I first saw Henrik Uldalen’s paintings in Hi-Fructose Volume 24. I immediately loved them and somehow eerily identified with them. Often suspended in space in dream-like repose, these almost photorealistic figures looked strangely familiar. Their skin translucent, milky white, the figures in his paintings look fragile and in some type of suspended reality. In the article, by Liz Ohanesian, Uldalen talked about his work, saying “It’s mainly to emphasize the feeling of being detached from the real world, like the character in the painting is in between worlds – inside a dream or in limbo.”
The sleeping or dreaming aspect of his work is what I so strongly identify with. It might sound a little odd, but I’m a champion sleeper. I wake up throughout the night easily, but I can fall asleep pretty much anywhere, and I like to sleep. Sleep and I get along. Uldalen’s paintings really remind me of the time just before I fall asleep and right before I wake up. In this space, if I am not woken abruptly, reality is somehow postponed, and though I may be aware of the activity around me, everything is slightly shifted. Completely alone, suspended in time and space, and strangely content. In Uldalen’s skewed landscape, I find the echo of that space, and it gives me that chance to think about it and visualize it while awake.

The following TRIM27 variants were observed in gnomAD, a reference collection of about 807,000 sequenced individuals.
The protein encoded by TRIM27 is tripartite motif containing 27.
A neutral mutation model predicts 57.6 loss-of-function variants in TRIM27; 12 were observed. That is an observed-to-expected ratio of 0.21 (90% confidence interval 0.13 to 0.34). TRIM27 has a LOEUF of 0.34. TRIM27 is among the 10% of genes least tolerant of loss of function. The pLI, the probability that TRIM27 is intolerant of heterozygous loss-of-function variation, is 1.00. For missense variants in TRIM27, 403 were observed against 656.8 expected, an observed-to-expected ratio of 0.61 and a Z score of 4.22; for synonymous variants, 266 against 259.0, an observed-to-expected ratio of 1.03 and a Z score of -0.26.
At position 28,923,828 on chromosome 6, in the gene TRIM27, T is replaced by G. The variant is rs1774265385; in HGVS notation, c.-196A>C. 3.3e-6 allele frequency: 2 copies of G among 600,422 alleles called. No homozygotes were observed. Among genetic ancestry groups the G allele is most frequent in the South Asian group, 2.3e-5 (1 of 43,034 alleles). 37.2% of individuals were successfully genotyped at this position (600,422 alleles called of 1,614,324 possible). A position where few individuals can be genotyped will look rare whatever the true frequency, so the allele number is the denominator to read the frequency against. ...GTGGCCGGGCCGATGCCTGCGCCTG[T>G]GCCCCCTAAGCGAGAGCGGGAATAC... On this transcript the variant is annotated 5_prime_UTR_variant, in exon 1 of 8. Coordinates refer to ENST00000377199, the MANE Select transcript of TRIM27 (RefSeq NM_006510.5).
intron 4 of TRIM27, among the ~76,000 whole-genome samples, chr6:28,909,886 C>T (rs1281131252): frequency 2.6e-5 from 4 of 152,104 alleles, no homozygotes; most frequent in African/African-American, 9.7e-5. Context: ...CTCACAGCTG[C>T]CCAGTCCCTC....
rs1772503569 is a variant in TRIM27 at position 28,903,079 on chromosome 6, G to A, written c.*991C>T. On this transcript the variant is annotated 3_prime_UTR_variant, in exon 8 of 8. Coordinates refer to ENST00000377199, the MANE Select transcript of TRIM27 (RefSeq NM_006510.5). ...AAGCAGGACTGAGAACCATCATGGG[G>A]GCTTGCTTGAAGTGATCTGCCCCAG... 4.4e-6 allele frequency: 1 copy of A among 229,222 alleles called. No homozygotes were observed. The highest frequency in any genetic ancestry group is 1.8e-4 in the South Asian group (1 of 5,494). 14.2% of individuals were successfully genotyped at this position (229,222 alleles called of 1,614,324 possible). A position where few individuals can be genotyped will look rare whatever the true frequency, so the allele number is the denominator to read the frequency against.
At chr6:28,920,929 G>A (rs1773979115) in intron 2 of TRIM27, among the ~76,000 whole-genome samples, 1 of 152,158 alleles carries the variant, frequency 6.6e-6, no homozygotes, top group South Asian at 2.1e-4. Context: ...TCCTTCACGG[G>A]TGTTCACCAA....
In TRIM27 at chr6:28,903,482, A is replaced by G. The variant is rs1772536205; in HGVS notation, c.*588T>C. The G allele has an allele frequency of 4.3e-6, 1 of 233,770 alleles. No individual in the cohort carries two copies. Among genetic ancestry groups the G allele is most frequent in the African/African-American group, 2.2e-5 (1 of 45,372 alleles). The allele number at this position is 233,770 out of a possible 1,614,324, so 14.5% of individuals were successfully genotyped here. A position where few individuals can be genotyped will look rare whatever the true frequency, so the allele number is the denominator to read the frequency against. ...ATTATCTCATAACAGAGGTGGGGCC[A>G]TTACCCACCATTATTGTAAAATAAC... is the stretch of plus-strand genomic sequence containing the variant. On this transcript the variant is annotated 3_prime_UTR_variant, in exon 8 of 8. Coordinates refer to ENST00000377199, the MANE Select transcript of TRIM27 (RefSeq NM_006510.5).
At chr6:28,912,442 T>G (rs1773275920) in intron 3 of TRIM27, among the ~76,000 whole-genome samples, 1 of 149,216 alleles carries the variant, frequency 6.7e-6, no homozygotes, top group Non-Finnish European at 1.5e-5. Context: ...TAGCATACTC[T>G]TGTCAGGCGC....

The character of Sophie, in Little, Big by John Crowley, has this same sort of sleep. An amazing book (kind of like the American answer to Magical realism), I intensely identified with Sophie and her ability to dream life away. In one instance, Crowley described it perfectly:
Sophie was asleep. It was the sort of sleep (she knew every kind, but had no name for any one) in which it seems your eyelids have grown transparent, and you look through them at the scene you saw before they closed. The same scene, but not the same.
Here too, in Uldalen’s paintings, is that magical moment – when the scene is the same, but not the same. Enjoy!
All photos were taken from Henrik Uldalen’s website.